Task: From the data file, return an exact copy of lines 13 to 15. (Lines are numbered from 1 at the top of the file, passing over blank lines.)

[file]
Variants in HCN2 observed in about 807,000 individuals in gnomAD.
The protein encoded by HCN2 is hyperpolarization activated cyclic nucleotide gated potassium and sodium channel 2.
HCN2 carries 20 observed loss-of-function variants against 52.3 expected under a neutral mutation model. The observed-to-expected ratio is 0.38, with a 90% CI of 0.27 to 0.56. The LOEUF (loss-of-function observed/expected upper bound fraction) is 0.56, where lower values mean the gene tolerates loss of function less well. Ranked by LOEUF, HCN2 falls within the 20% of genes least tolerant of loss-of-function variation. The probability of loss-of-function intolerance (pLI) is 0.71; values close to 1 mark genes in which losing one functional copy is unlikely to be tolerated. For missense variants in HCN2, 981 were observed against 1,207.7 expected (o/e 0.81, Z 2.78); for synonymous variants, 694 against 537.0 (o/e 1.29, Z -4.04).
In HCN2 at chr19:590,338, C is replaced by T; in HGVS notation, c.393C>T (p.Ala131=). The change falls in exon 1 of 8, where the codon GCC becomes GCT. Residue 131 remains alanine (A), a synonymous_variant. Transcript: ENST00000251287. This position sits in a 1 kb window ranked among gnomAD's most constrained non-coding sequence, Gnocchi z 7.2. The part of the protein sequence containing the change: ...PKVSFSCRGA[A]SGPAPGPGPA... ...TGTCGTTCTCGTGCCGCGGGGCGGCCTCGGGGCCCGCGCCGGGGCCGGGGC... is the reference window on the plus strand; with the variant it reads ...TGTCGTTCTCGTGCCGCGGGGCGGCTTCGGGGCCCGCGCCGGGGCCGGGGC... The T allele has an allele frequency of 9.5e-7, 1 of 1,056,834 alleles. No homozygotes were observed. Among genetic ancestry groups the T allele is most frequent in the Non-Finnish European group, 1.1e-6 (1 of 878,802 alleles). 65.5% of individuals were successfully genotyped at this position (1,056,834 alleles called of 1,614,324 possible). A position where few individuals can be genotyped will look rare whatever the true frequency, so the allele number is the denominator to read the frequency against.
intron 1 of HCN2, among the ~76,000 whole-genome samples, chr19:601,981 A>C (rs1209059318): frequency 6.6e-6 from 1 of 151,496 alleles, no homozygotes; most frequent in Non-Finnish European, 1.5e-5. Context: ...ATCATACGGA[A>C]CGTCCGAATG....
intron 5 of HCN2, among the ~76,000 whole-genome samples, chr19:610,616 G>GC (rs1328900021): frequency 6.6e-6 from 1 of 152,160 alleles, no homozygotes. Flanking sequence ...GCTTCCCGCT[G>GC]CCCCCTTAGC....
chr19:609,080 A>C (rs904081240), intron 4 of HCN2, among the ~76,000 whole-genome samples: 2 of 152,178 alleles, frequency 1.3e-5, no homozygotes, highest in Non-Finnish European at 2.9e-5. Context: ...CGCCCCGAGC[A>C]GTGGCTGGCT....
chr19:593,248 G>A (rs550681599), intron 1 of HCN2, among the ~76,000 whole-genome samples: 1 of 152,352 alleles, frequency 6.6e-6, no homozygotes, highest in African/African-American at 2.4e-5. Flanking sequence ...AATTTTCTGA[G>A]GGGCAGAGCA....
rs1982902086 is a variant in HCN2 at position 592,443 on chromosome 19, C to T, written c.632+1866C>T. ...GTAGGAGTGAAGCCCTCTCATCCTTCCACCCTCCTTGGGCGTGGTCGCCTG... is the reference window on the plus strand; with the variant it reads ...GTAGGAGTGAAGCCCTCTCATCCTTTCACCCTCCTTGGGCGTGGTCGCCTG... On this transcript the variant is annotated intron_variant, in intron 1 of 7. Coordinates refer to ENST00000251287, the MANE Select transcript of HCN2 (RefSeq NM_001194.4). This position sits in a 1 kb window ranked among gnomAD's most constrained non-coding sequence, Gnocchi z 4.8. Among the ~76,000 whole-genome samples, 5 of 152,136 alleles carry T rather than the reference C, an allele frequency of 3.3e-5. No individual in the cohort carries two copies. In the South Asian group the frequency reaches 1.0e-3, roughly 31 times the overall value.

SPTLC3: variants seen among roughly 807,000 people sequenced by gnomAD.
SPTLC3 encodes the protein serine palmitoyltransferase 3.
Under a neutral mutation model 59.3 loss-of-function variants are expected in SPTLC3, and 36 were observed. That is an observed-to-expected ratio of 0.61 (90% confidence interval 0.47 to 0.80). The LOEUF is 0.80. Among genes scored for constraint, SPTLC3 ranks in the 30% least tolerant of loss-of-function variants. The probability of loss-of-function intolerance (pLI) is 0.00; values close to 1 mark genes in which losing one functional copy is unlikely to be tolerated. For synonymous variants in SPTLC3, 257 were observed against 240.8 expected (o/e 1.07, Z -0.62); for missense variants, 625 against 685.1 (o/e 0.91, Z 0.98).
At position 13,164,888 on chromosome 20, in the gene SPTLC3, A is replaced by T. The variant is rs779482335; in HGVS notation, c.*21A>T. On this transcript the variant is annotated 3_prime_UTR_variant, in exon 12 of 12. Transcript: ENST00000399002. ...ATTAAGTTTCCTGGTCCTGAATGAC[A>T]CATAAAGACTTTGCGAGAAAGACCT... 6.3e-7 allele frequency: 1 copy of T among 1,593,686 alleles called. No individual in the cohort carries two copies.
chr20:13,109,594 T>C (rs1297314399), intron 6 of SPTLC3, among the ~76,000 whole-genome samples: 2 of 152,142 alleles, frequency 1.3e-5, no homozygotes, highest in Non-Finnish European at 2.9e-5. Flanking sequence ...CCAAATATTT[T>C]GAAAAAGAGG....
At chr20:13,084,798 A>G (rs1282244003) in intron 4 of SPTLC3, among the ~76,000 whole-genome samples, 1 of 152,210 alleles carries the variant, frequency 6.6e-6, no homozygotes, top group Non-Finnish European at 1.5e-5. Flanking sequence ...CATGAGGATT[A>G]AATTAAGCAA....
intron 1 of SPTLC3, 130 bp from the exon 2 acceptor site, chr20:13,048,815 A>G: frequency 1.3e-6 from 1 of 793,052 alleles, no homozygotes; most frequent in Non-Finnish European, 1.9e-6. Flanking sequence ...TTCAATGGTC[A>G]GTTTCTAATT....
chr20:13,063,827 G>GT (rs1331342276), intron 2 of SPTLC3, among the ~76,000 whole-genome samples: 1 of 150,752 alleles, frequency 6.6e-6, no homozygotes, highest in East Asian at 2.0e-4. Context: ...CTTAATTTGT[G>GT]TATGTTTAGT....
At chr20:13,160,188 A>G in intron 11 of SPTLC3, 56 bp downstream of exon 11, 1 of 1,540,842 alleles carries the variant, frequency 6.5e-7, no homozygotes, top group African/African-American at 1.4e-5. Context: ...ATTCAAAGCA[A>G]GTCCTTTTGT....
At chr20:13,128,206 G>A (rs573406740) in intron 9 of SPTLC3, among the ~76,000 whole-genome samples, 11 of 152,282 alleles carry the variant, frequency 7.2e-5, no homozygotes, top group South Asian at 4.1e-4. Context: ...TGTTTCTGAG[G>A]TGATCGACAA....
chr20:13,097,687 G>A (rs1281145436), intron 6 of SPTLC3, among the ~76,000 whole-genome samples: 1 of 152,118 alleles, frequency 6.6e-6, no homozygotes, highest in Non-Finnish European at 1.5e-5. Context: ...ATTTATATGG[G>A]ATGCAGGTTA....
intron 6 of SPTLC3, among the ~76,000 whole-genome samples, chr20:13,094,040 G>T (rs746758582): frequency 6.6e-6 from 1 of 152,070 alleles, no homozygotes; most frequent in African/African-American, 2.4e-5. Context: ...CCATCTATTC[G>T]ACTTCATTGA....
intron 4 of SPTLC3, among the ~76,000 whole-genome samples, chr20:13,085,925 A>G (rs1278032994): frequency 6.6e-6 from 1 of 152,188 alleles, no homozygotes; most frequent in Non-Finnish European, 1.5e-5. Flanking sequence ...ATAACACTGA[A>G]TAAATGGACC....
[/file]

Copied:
At position 13,164,888 on chromosome 20, in the gene SPTLC3, A is replaced by T. The variant is rs779482335; in HGVS notation, c.*21A>T. On this transcript the variant is annotated 3_prime_UTR_variant, in exon 12 of 12. Transcript: ENST00000399002. ...ATTAAGTTTCCTGGTCCTGAATGAC[A>T]CATAAAGACTTTGCGAGAAAGACCT... 6.3e-7 allele frequency: 1 copy of T among 1,593,686 alleles called. No individual in the cohort carries two copies.
chr20:13,109,594 T>C (rs1297314399), intron 6 of SPTLC3, among the ~76,000 whole-genome samples: 2 of 152,142 alleles, frequency 1.3e-5, no homozygotes, highest in Non-Finnish European at 2.9e-5. Flanking sequence ...CCAAATATTT[T>C]GAAAAAGAGG....
At chr20:13,084,798 A>G (rs1282244003) in intron 4 of SPTLC3, among the ~76,000 whole-genome samples, 1 of 152,210 alleles carries the variant, frequency 6.6e-6, no homozygotes, top group Non-Finnish European at 1.5e-5. Flanking sequence ...CATGAGGATT[A>G]AATTAAGCAA....